England won't panic after mauling by India in first ODI, says Jos Buttler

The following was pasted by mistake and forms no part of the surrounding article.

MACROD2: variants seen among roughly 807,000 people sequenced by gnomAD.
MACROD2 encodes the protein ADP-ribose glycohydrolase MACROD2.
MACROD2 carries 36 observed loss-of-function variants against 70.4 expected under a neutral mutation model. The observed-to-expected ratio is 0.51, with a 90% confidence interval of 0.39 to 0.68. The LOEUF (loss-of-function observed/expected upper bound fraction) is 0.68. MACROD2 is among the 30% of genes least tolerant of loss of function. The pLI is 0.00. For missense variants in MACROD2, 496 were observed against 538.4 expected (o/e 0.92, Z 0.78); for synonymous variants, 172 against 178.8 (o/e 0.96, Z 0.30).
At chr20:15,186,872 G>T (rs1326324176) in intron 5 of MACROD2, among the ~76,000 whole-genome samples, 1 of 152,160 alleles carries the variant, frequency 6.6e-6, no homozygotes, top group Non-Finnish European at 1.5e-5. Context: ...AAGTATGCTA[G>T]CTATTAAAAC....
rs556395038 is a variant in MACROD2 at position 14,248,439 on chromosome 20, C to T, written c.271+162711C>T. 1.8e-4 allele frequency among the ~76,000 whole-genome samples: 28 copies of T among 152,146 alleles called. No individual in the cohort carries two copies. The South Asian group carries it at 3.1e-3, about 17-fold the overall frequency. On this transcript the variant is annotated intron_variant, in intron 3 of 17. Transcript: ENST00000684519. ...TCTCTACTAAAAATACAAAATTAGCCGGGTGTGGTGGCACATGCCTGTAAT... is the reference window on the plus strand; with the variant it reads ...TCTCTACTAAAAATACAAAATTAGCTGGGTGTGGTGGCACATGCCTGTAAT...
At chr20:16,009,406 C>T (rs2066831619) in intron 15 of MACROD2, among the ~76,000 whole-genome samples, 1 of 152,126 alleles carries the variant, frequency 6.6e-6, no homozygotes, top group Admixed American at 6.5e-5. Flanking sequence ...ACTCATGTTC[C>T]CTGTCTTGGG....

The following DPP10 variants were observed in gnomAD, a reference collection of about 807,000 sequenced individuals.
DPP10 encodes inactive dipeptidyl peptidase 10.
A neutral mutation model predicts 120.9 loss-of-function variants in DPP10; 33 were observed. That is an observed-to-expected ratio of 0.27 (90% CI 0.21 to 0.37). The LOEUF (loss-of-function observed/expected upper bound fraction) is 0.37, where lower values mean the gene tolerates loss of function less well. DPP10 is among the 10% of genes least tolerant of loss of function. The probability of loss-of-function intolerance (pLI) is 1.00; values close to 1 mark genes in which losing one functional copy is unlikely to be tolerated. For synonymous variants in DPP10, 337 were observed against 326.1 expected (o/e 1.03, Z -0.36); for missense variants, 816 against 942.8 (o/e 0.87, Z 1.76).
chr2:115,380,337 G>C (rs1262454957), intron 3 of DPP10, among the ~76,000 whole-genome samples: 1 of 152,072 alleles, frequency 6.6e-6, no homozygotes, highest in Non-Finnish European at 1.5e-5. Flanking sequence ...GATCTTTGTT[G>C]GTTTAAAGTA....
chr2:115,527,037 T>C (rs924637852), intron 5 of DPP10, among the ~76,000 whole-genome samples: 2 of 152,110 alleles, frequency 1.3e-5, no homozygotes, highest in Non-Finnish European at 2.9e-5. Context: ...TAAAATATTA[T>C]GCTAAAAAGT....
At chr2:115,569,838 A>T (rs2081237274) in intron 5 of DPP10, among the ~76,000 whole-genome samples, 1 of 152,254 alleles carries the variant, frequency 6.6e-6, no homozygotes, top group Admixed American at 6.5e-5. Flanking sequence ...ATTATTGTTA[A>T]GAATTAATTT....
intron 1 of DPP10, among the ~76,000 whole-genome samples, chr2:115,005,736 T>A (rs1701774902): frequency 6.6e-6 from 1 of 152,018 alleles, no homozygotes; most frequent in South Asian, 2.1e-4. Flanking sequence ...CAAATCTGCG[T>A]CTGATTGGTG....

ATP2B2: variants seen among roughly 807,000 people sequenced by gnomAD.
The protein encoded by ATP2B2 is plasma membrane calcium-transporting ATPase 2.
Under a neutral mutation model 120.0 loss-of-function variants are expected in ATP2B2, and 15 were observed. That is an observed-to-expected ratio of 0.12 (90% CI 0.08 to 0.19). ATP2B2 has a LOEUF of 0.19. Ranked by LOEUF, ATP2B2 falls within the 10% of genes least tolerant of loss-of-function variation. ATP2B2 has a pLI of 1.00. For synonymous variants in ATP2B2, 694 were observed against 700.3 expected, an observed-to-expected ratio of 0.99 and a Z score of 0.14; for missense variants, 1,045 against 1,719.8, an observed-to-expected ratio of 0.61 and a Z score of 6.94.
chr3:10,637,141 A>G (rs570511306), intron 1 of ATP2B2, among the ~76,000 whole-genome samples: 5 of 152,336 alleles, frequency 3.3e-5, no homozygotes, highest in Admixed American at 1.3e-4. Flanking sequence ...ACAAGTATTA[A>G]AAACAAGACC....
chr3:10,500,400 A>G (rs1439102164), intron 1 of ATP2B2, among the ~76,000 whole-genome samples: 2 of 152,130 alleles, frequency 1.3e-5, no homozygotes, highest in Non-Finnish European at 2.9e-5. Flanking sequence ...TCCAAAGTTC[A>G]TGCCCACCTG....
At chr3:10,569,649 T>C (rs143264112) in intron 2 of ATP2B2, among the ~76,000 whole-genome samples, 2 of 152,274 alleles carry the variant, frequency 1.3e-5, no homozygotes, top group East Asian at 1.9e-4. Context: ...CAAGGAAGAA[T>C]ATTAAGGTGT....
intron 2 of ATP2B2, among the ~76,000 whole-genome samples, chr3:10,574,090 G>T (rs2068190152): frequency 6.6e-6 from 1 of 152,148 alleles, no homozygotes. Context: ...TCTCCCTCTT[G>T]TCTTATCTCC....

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England were rolled over for 110 with half of the allocated innings unused, despite having their top six packed with returning stars Ben Stokes, Jonny Bairstow and Joe Root. Stokes and Root both failed to score, joining Jason Roy and Liam Livingstone on the duck hunt, while Bairstow's career-best hot streak in Test cricket did not carry over as he was dismissed for seven. Indian duo Rohit Sharma and Shikhar Dhawan, on the other hand, made batting look easy as they reeled in a 10-wicket victory in just 18.4 overs. Buttler has now lost three of his four games since Eoin Morgan's retirement left him in charge of the limited-overs group, but he remains confident nothing drastic is required. "You certainly don't want days like that to come, and they do come few and far between, but today's one of those days and it's tough to take," he said. "It's certainly key not to panic, not to look too much into it and find too many faults. India bowled fantastically well and we didn't manage to deal with that as well as we'd have liked. "But, if I look back over the past five or six years, batting has been our super strength in this form of the game. "You look at the names of the guys in there, they are some of the best players we've had so there's no need to panic at all and not much time to dwell on it either. "We'll try and learn from it as much as we can but we'll stick to what we know and there's huge trust in that dressing room that there are brilliant players in there. "We need to be positive, get back out there and put things right when we play on Thursday." The game proved a disappointing get together for the World Cup-winning unit of Roy, Bairstow, Root, Stokes and Buttler - playing an ODI together for the first time since the 2019 final. Circumstances have ensured they have not made the same XI in the past three years, with Covid restrictions, rest and rotation and Stokes' 2021 hiatus all factors. England's schedule means things are going to remain tricky for those who are first-choice players across the formats, but Buttler understands the compromises that need to be made. "It's a long time since we have all played together and it's tough," he said. "I think the schedules are increasingly difficult for all format players to play all the games, so we just have to be careful to manage all those guys. "The key is to turn up to those ICC events clear with what your best team is, but also with guys fresh and as good to go in those tournaments as they can be. There will be times in bilateral series that guys miss out because it is just unattainable for guys to play every match." England's fate was settled by a classy showing from Jasprit Bumrah, the India seamer taking career-best figures of six for 19 and book-ending things with four wickets at the top and two at the end. He was in less emphatic form during his post-match press duties, offering a low-key assessment of his efforts. "I don't look at end results and judge my bowling. There have been instances where I have bowled so much better than this and not got wickets," he said, understating his match-defining new-ball spell. "It was a day where the white ball swung and there was some seam movement, so I wanted to exploit that. It was a good day, we got wickets and there was some help in the beginning but we have to start again next time from zero."

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